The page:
If you are hoping to send your child to a school that has a "better" team, I would caution against that. There is no guarantee that you child will make the team, and transferring schools later will cause him to lose eligibility.

As for school of choice, a student can apply at any school in any district. The receiving school sets the stipulations on whether to accept the student. Generally a school district will accommodate any applicants from their own district first, and if there is any space left, they will accommodate students from out of district.
^^^This. I don't know how many times I had to tell gymnastics parents, "your kid can do gymnastics at Broomfield High if they go to a Boulder Valley school". One of the gymnastics moms found that even the personnel at the schools don't know this; she had to "educate" them at her kid's HS, which shall remain nameless.

Every district sets priorities for OE, and as David said, it's usually in-district before out-of-district.
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Old 01-12-2015, 10:31 AM
 
Location: Littleton, CO
3,111 posts, read 4,881,407 times
Reputation: 5429
Quote:
Originally Posted by Winter01 View Post
Thanks. We have a few years to go but it's good to know it is an option. Crossing my fingers the program at the high school near us gets better by the time he goes.
I am mounting my high horse to give unsolicited advice about your plan. I skipped over it when I wrote my first reply.

There are many reasons to open enroll your child to another school:

1. To get your child a better education.
2. To give your child a safer environment.
3. To enroll your child in a magnet school.
4. To take your child to the school where you work.

As an educator and former high school coach, I do not believe that the quality of a sports team should EVER factor into a decision whether to attend a school.

First, I have to ask what the goal for your son athletically is. If it is to someday be a professional athlete, then good luck. You can take a look at his chances here (note: baseball is the highest at 0.5%, but professional does not mean MLB. It means toiling in the minors for years).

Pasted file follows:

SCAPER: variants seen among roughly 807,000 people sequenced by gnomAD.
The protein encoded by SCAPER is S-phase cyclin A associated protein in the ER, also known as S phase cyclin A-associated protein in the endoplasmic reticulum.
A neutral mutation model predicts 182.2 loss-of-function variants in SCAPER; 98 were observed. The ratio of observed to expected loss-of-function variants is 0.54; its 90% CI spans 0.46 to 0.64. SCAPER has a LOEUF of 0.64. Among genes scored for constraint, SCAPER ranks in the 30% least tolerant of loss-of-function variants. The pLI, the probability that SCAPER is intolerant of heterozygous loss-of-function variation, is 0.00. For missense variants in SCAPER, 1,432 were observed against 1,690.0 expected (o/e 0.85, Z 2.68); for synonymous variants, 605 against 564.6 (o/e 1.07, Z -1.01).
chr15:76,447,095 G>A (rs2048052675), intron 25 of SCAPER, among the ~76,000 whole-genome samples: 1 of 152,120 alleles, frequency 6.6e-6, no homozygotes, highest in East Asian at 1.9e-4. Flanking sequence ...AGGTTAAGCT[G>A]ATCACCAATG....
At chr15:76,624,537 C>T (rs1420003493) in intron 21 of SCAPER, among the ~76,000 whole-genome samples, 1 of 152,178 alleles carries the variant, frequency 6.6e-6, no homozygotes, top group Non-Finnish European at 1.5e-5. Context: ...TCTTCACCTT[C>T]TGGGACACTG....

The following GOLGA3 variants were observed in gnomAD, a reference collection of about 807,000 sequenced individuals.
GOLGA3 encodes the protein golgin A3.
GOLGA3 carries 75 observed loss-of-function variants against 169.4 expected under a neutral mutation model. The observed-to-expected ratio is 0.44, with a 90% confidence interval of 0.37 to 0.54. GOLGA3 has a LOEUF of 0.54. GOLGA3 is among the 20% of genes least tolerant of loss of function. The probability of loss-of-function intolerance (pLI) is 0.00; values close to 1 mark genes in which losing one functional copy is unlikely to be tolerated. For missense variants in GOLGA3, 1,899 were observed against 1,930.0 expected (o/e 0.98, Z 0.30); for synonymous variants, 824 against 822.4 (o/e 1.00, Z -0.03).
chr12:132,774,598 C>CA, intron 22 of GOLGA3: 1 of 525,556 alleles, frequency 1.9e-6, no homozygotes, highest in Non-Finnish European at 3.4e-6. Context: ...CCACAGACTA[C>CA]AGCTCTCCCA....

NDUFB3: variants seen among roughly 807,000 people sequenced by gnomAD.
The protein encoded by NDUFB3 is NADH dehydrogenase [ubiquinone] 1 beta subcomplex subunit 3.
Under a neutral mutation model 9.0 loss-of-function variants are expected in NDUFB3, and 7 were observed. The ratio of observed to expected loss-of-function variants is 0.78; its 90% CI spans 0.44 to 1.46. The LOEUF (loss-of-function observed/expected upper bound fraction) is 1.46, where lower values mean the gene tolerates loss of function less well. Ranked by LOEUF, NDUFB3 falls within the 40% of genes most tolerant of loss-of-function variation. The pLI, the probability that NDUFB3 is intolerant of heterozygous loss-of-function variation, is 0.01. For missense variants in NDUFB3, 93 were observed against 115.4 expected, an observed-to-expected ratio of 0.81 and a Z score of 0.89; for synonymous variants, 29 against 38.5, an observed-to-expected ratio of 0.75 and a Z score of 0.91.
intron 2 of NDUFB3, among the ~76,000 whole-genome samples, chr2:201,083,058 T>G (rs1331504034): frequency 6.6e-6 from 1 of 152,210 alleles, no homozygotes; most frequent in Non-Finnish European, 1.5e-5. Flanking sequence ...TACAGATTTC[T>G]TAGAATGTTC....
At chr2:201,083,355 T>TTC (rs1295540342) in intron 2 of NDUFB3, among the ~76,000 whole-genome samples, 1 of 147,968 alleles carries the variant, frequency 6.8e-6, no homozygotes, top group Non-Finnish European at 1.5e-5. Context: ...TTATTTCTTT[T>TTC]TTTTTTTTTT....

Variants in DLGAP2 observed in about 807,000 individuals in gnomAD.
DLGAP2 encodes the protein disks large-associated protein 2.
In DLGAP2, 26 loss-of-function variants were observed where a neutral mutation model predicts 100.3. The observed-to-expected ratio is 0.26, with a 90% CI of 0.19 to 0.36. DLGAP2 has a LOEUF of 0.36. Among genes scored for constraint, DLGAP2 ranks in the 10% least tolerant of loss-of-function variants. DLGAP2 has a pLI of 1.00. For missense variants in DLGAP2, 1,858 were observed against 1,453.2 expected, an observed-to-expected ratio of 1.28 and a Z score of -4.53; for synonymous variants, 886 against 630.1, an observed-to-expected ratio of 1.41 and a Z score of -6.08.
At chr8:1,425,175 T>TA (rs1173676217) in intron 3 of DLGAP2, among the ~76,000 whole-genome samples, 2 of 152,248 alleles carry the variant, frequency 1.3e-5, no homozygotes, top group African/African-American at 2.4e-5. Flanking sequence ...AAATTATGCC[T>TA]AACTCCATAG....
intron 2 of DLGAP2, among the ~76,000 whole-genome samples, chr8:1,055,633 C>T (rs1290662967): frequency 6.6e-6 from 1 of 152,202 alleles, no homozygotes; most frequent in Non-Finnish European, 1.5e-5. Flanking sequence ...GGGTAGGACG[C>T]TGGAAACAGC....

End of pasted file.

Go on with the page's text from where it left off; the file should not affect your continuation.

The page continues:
If the goal is to get a college scholarship, then what you need to do is calculate all the money that you have spent and will spend in pursuit of that scholarship. Scholarship money is limited and full scholarships are rare in most sports. Unfortunately the competition for boys is much greater than it is for girls, so landing a full scholarship as a male athlete is exceptionally rare. I have a friend whose son has signed his letter of intent to go to college on a baseball scholarship. By his own estimation, he has spent $60,000 on baseball in the last five years. That money went for equipment, uniforms, club fees, travel and more. The scholarship his son got will just about cover the amount spent as long as he doesn't lose the scholarship while he's there.

Additionally, there are many things that can happen between now and the time your son graduates.

I have seen knees blown out. Tommy John surgery, too many concussions, and other medical maladies strike these athletes during their junior/senior year and athletes that were once hoping for scholarships are lucky if they are asked to walk on.

I have seen students from out of state move in and take over spots on the roster that some kid who had been working for 2-3 years in the program thought was his. Remember, your son is useful to the coach only as long as he is one of the best. If someone better comes along, well, say good bye to your starting position.

I have seen coaches leave/retire and the program loses its significance, while the students who choiced into the school cannot leave without suffering eligibility problems. Many Mullen football players were stuck in this quandary after Dave Logan was fired. New coaches want to build their own programs, so many times juniors and seniors are benched in favor of younger athletes who will spend more time in the new system.